Today’s guest (Prof. Alex Salter) recently joined Phil Magness and wrote an article for The Hill outlining how bad economic ideas can have a frustratingly long shelf life. Amid surging consumer and producer prices, the apparent tradeoff between inflation and unemployment has become a hot topic.
There’s just one problem: the tradeoff doesn’t exist.
Economists have known this for 40 years. Policymakers and commentators asserting otherwise should get with the program.
“In policymaking circles – public economics commentators – (those sorts of positions), there persists this myth that there’s a steady and exploitable trade-off between unemployment and inflation.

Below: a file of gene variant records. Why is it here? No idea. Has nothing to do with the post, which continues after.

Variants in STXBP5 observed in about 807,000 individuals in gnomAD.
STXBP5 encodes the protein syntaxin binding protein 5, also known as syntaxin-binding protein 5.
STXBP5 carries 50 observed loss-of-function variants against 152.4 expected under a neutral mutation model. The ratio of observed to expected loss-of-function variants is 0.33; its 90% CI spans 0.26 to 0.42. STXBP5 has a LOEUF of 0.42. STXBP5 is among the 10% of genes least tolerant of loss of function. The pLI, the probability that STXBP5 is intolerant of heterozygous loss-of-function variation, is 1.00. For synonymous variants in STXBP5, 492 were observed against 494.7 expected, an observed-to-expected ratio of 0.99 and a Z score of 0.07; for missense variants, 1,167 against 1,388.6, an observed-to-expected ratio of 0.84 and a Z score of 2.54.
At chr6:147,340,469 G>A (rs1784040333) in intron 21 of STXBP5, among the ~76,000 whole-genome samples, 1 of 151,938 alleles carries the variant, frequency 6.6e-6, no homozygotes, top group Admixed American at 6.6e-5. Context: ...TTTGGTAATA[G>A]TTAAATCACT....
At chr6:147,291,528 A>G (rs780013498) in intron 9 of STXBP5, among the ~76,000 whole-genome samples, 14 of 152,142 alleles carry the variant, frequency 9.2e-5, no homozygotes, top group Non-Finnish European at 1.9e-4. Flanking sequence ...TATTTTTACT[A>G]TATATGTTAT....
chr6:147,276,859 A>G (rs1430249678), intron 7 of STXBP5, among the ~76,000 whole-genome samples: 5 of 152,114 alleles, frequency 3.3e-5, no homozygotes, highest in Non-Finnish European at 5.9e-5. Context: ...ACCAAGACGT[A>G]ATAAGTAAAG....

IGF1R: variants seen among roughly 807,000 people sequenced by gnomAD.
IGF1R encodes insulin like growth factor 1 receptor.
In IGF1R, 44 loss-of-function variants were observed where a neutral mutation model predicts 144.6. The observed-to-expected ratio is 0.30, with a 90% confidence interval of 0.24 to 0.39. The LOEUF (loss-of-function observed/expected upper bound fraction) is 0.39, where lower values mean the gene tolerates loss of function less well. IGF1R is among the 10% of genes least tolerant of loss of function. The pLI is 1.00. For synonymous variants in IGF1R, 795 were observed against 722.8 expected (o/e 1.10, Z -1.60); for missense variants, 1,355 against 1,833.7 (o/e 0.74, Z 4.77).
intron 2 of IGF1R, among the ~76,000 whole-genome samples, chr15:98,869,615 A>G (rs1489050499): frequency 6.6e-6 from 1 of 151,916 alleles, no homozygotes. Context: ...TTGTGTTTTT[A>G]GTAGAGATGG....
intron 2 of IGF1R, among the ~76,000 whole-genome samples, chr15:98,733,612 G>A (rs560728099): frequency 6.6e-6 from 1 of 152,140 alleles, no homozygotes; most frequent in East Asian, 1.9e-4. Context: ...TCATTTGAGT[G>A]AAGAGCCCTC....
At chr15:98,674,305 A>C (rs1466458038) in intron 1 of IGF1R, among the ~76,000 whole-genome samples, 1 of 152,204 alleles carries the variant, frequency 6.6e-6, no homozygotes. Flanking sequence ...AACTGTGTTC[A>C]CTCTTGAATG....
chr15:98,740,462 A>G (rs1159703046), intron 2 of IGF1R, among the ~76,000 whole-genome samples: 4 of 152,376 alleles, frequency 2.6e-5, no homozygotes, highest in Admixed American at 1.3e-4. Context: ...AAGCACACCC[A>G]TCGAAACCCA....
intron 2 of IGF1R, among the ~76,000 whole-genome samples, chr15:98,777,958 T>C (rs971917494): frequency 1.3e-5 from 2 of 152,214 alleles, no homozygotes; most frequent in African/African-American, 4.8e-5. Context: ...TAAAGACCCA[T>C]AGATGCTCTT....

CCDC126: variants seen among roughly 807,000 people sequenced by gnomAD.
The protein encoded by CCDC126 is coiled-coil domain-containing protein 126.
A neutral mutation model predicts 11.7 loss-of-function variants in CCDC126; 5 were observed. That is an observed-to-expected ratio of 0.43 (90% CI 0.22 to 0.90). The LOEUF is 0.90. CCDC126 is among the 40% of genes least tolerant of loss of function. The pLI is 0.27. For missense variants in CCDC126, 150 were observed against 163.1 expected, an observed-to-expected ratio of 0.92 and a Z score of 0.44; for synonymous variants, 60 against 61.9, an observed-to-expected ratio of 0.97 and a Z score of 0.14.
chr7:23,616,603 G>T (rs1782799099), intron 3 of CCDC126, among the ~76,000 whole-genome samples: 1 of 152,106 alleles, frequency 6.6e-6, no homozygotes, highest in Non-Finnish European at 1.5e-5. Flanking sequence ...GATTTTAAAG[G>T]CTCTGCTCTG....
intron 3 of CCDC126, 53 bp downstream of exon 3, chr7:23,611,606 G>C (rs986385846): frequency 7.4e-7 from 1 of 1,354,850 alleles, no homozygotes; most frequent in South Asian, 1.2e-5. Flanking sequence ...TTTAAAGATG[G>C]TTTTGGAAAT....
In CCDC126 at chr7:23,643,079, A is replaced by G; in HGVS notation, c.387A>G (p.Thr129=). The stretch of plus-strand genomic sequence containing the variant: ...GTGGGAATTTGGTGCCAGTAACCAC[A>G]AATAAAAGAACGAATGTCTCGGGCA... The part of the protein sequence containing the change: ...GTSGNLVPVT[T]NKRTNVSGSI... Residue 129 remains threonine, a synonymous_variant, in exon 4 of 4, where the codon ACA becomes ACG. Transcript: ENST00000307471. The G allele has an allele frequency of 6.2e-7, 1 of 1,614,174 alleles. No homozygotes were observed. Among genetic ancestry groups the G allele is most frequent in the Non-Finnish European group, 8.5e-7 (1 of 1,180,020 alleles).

The idea is you can quote-unquote, “run the economy hot”, in which case you’re gonna get low unemployment, but you have to put up with high inflation.
Or if you want to try and bring down inflation, you have to put up with not-so-good labor markets, and higher unemployment.
In brief, this view is bogus. There’s nothing to it.
There is absolutely no reason why you can’t have strong labor markets, and low and stable inflation. You can even have strong labor markets with no inflation.”